A proposal to issue up to $40 million in bonds to build a new joint headquarters for the Oklahoma Department of Veterans Affairs and the Oklahoma Department of Mental Health and Substance Abuse Services cleared state House and Senate committees Monday and is headed for floor votes later this week.
“I’m very excited that our state is going to do something for veterans,” said Terri White, commissioner of the Oklahoma Department of Mental Health and Substance Abuse Services. “Both employees of the Department of Veterans Affairs and the Department of Mental Health and Substance Abuse Services have been working under abhorrent conditions.”
“Our building is a 100-year-old school building that has multiple problems, including mold,” White said. “The Department of Veterans Affairs is going to be condemned, potentially this year.”
House Bill 3541 cleared the state Senate Joint Committee on Appropriations and Budget by a vote of 14-1 and the House Joint Committee on Appropriations and Budget by a vote of 19-6.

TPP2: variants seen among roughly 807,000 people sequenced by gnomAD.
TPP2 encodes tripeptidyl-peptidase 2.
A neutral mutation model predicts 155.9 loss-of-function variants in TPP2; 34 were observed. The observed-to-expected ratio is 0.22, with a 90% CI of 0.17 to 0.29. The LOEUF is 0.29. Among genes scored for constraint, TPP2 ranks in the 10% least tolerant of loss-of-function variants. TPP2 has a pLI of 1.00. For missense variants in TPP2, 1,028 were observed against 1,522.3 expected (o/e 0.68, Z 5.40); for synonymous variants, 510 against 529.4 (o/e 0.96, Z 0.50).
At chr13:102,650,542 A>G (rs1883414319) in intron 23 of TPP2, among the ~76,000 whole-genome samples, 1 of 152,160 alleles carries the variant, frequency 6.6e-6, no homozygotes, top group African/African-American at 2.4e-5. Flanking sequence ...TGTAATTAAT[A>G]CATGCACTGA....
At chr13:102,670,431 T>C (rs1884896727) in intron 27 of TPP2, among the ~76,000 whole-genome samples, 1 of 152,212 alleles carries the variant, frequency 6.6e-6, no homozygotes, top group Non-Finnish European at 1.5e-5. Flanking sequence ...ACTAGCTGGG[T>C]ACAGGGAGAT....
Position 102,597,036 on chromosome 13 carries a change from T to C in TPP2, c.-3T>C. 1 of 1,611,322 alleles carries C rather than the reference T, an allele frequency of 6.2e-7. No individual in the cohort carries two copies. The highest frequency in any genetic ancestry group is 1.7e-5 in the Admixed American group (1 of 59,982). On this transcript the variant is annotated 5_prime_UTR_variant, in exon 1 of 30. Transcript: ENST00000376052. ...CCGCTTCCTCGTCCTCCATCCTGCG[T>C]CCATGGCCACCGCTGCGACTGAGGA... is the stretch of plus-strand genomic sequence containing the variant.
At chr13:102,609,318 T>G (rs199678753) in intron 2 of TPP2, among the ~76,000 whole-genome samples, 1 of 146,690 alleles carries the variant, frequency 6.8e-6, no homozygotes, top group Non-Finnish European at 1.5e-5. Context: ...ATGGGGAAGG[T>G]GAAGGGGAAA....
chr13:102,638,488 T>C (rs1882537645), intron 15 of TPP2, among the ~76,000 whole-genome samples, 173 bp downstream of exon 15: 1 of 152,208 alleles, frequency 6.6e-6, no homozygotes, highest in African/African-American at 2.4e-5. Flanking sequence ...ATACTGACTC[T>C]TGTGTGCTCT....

The bill appeared to come out of nowhere in the waning days of the session, but retired Maj. Gen. Rita Aragon, the governor’s Cabinet secretary for Veterans Affairs, said planning has been going for three years.
Those plans call for a building with about 100,000 square feet at NE 29 Street and N Lincoln Boulevard, she said. The bill calls for bonds to be paid off over a period of up to 30 years.
Aragon and White said the key to making the plan acceptable to lawmakers was coming up with a way to pay off the bonds without requiring any additional appropriation.
The plan they came up with calls for the Department of Veterans Affairs to sell its current building and about 600 acres of wooded land near Talihina to raise part of the funds. The Department of Mental Health and Substance Abuse Services would sell its current building to raise additional funds. The agencies also would reallocate funds from their current budgets, including funds the Department of Veterans Affairs has been receiving to repair and upgrade buildings.
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It’s a smart deal and it’s a good deal. It really works out extremely well because by putting two departments together we’ll be able to utilize the same meeting spaces for a lot of things and will save money from having to build two separate buildings with conference rooms, bathrooms — all that kind of thing.”
retired Maj. Gen. Rita Aragon,
the governor’s Cabinet secretary for Veterans Affairs